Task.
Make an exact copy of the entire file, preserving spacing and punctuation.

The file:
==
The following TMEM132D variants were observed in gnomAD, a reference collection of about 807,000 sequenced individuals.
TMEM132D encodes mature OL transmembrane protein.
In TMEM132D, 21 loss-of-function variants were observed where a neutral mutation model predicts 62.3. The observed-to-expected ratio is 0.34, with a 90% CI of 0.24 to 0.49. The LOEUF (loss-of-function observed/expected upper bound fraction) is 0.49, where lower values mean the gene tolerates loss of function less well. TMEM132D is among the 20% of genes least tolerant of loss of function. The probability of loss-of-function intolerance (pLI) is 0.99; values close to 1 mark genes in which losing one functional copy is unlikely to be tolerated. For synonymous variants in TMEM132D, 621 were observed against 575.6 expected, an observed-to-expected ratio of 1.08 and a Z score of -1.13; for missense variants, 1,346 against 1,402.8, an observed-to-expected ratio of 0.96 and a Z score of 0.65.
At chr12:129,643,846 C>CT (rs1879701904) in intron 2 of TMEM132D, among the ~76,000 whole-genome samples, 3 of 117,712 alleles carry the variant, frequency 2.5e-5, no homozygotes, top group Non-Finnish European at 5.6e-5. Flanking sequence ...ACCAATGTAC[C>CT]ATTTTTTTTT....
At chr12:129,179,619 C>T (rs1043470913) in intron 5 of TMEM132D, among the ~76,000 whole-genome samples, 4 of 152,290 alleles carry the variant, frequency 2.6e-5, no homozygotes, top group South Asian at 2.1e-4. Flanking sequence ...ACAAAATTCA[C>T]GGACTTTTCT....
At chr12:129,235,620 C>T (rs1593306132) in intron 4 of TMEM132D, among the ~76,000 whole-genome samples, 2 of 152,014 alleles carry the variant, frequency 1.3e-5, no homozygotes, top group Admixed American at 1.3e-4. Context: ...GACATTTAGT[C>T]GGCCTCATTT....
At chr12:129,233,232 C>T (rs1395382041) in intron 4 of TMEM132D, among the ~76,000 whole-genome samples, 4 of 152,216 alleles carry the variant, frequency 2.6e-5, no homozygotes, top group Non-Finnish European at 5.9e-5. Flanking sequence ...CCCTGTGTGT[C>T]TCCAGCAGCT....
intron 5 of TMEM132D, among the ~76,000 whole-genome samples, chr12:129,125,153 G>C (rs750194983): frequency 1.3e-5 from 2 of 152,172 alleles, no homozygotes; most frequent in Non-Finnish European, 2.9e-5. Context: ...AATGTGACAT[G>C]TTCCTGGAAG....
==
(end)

The following TMEM132D variants were observed in gnomAD, a reference collection of about 807,000 sequenced individuals.
TMEM132D encodes mature OL transmembrane protein.
In TMEM132D, 21 loss-of-function variants were observed where a neutral mutation model predicts 62.3. The observed-to-expected ratio is 0.34, with a 90% CI of 0.24 to 0.49. The LOEUF (loss-of-function observed/expected upper bound fraction) is 0.49, where lower values mean the gene tolerates loss of function less well. TMEM132D is among the 20% of genes least tolerant of loss of function. The probability of loss-of-function intolerance (pLI) is 0.99; values close to 1 mark genes in which losing one functional copy is unlikely to be tolerated. For synonymous variants in TMEM132D, 621 were observed against 575.6 expected, an observed-to-expected ratio of 1.08 and a Z score of -1.13; for missense variants, 1,346 against 1,402.8, an observed-to-expected ratio of 0.96 and a Z score of 0.65.
At chr12:129,643,846 C>CT (rs1879701904) in intron 2 of TMEM132D, among the ~76,000 whole-genome samples, 3 of 117,712 alleles carry the variant, frequency 2.5e-5, no homozygotes, top group Non-Finnish European at 5.6e-5. Flanking sequence ...ACCAATGTAC[C>CT]ATTTTTTTTT....
At chr12:129,179,619 C>T (rs1043470913) in intron 5 of TMEM132D, among the ~76,000 whole-genome samples, 4 of 152,290 alleles carry the variant, frequency 2.6e-5, no homozygotes, top group South Asian at 2.1e-4. Flanking sequence ...ACAAAATTCA[C>T]GGACTTTTCT....
At chr12:129,235,620 C>T (rs1593306132) in intron 4 of TMEM132D, among the ~76,000 whole-genome samples, 2 of 152,014 alleles carry the variant, frequency 1.3e-5, no homozygotes, top group Admixed American at 1.3e-4. Context: ...GACATTTAGT[C>T]GGCCTCATTT....
At chr12:129,233,232 C>T (rs1395382041) in intron 4 of TMEM132D, among the ~76,000 whole-genome samples, 4 of 152,216 alleles carry the variant, frequency 2.6e-5, no homozygotes, top group Non-Finnish European at 5.9e-5. Flanking sequence ...CCCTGTGTGT[C>T]TCCAGCAGCT....
intron 5 of TMEM132D, among the ~76,000 whole-genome samples, chr12:129,125,153 G>C (rs750194983): frequency 1.3e-5 from 2 of 152,172 alleles, no homozygotes; most frequent in Non-Finnish European, 2.9e-5. Context: ...AATGTGACAT[G>C]TTCCTGGAAG....